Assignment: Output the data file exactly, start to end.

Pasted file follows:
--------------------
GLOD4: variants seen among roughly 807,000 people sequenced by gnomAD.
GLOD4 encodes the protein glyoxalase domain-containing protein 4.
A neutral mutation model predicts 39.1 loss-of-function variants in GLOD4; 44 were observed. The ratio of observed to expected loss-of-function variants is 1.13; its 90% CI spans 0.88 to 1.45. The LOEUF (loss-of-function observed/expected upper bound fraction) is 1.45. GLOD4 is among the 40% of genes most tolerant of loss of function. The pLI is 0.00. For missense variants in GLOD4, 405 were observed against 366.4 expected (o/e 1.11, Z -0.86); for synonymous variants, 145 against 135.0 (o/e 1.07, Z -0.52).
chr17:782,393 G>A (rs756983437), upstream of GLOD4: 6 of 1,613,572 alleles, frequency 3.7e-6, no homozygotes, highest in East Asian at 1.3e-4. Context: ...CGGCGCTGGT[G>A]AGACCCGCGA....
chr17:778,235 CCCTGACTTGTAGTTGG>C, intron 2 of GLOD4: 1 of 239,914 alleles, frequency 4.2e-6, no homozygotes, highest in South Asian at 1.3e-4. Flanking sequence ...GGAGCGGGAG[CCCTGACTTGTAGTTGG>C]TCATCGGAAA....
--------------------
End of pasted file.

GLOD4: variants seen among roughly 807,000 people sequenced by gnomAD.
GLOD4 encodes the protein glyoxalase domain-containing protein 4.
A neutral mutation model predicts 39.1 loss-of-function variants in GLOD4; 44 were observed. The ratio of observed to expected loss-of-function variants is 1.13; its 90% CI spans 0.88 to 1.45. The LOEUF (loss-of-function observed/expected upper bound fraction) is 1.45. GLOD4 is among the 40% of genes most tolerant of loss of function. The pLI is 0.00. For missense variants in GLOD4, 405 were observed against 366.4 expected (o/e 1.11, Z -0.86); for synonymous variants, 145 against 135.0 (o/e 1.07, Z -0.52).
chr17:782,393 G>A (rs756983437), upstream of GLOD4: 6 of 1,613,572 alleles, frequency 3.7e-6, no homozygotes, highest in East Asian at 1.3e-4. Context: ...CGGCGCTGGT[G>A]AGACCCGCGA....
chr17:778,235 CCCTGACTTGTAGTTGG>C, intron 2 of GLOD4: 1 of 239,914 alleles, frequency 4.2e-6, no homozygotes, highest in South Asian at 1.3e-4. Flanking sequence ...GGAGCGGGAG[CCCTGACTTGTAGTTGG>C]TCATCGGAAA....